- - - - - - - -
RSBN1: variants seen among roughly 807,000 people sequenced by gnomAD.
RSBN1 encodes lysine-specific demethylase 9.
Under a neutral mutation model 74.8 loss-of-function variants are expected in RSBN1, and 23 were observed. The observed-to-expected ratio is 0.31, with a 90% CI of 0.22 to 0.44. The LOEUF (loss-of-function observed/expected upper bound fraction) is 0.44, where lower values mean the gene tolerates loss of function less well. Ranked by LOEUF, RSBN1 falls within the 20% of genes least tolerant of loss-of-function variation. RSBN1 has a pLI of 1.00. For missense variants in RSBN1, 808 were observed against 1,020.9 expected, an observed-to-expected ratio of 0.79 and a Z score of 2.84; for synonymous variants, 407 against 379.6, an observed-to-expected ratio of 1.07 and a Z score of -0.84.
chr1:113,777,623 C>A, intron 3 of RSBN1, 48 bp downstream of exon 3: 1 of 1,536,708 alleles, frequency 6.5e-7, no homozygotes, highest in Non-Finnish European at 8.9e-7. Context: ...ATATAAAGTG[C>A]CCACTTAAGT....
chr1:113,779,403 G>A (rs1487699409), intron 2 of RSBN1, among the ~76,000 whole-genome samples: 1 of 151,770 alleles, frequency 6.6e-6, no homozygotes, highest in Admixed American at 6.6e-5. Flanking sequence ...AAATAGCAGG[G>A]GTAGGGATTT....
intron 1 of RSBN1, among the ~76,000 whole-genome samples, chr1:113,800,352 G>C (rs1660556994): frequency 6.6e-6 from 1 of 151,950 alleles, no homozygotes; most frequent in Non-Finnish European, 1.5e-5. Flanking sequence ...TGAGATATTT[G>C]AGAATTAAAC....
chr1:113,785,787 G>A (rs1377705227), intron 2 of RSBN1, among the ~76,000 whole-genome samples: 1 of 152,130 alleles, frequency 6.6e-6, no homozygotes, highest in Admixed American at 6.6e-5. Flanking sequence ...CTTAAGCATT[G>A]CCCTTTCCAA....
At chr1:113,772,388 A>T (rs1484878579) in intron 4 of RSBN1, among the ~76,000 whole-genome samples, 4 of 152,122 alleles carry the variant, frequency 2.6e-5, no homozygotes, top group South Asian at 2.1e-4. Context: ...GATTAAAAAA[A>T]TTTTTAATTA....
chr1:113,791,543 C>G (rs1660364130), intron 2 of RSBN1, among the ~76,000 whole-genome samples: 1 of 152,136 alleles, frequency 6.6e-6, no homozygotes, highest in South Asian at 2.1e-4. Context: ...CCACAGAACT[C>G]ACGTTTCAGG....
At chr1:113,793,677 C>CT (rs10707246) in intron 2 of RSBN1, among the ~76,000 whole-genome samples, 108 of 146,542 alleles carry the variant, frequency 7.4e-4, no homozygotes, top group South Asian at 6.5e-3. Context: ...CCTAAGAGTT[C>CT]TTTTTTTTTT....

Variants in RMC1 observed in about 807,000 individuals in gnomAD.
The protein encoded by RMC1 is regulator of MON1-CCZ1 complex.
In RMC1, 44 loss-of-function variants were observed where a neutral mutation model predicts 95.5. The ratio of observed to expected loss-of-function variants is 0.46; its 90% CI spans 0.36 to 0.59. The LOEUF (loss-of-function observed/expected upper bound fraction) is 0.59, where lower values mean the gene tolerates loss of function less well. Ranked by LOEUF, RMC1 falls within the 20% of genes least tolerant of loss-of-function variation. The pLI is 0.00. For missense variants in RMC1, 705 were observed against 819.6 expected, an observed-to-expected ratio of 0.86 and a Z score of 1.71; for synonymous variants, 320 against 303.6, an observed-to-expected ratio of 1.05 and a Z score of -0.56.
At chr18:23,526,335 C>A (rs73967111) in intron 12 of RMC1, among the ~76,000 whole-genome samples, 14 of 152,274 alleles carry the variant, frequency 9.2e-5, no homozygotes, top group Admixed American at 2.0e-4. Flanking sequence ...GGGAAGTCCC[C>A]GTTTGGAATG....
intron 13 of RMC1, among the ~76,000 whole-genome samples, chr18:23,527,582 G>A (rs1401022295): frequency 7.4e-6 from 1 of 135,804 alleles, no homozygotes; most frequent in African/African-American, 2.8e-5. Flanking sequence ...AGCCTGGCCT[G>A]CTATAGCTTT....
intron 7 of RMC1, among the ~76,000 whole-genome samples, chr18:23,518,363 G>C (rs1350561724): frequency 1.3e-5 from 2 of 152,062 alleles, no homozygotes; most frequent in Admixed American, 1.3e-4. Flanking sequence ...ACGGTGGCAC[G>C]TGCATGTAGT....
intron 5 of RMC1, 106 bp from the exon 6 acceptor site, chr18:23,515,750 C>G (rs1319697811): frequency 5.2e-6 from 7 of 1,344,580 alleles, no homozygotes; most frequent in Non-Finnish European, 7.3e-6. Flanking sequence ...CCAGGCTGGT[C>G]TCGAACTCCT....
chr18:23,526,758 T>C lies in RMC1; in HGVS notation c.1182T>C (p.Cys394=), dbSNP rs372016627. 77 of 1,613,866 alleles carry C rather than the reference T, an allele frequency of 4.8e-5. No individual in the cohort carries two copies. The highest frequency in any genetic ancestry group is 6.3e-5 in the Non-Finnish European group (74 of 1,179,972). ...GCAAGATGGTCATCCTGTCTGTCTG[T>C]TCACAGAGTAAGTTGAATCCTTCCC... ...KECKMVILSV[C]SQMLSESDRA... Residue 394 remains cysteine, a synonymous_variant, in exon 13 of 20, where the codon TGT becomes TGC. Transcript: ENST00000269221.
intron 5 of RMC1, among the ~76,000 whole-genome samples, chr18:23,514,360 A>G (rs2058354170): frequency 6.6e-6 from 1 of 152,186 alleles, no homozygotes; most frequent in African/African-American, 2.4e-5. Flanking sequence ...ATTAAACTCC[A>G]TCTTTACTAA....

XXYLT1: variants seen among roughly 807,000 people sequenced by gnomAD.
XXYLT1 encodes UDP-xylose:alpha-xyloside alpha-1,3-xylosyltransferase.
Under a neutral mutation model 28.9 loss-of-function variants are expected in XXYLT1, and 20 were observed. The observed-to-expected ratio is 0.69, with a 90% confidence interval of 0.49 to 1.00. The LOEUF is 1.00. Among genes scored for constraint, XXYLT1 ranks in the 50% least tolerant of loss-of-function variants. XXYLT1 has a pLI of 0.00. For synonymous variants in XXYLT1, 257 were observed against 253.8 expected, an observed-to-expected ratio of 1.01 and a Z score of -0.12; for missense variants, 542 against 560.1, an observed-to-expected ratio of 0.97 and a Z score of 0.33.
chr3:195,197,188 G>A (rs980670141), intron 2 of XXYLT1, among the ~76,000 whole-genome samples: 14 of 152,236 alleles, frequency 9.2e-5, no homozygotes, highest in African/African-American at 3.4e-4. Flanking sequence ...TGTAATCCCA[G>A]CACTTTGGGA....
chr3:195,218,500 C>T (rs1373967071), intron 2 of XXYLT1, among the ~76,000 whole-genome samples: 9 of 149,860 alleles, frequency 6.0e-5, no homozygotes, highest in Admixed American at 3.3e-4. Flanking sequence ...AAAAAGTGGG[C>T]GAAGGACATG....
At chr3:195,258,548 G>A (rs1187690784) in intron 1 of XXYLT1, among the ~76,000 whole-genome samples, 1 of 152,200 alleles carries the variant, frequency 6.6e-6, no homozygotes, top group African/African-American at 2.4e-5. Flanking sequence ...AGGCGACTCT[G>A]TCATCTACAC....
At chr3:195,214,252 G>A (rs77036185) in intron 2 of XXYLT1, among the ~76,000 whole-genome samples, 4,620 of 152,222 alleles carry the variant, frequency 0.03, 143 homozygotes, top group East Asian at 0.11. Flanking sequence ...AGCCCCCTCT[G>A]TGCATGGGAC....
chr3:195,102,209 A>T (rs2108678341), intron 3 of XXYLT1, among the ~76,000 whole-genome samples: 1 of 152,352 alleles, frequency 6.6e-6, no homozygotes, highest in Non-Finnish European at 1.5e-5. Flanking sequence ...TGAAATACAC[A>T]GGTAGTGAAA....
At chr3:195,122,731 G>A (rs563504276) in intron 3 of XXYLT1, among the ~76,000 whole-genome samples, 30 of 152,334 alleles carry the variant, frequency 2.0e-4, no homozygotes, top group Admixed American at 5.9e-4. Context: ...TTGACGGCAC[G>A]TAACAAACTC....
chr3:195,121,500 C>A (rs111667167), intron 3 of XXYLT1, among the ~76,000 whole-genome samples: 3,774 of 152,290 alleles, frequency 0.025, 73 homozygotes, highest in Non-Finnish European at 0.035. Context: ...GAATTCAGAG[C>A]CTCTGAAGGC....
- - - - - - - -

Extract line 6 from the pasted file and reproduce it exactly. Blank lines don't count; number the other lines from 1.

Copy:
intron 1 of RSBN1, among the ~76,000 whole-genome samples, chr1:113,800,352 G>C (rs1660556994): frequency 6.6e-6 from 1 of 151,950 alleles, no homozygotes; most frequent in Non-Finnish European, 1.5e-5. Flanking sequence ...TGAGATATTT[G>C]AGAATTAAAC....